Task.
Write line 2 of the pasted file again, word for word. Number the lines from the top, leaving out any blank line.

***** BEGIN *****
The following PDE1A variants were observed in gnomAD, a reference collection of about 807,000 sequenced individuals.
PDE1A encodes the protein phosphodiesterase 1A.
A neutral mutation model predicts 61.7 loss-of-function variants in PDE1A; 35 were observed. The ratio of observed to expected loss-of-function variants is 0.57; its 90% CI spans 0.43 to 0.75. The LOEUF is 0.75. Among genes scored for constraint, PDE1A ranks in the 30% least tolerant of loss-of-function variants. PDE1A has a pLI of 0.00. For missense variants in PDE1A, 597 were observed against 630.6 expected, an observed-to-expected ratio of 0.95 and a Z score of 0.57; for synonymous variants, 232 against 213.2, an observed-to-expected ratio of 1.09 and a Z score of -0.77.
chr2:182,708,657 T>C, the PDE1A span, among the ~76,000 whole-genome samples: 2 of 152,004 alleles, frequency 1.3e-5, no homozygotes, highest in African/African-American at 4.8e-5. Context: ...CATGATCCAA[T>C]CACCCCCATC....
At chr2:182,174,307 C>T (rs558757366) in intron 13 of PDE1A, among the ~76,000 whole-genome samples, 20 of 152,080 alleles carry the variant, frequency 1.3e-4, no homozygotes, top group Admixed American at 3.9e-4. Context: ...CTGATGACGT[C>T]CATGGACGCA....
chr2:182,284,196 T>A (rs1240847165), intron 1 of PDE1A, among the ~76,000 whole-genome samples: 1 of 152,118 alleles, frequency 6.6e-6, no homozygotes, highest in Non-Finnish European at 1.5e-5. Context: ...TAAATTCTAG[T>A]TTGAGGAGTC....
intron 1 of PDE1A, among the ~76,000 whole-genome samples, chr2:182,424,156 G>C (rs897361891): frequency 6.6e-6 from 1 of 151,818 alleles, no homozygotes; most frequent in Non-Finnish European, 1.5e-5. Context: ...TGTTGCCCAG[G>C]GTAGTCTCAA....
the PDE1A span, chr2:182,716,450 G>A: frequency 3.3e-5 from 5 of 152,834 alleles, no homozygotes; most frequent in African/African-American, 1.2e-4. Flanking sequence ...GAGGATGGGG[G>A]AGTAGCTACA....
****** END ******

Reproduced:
PDE1A encodes the protein phosphodiesterase 1A.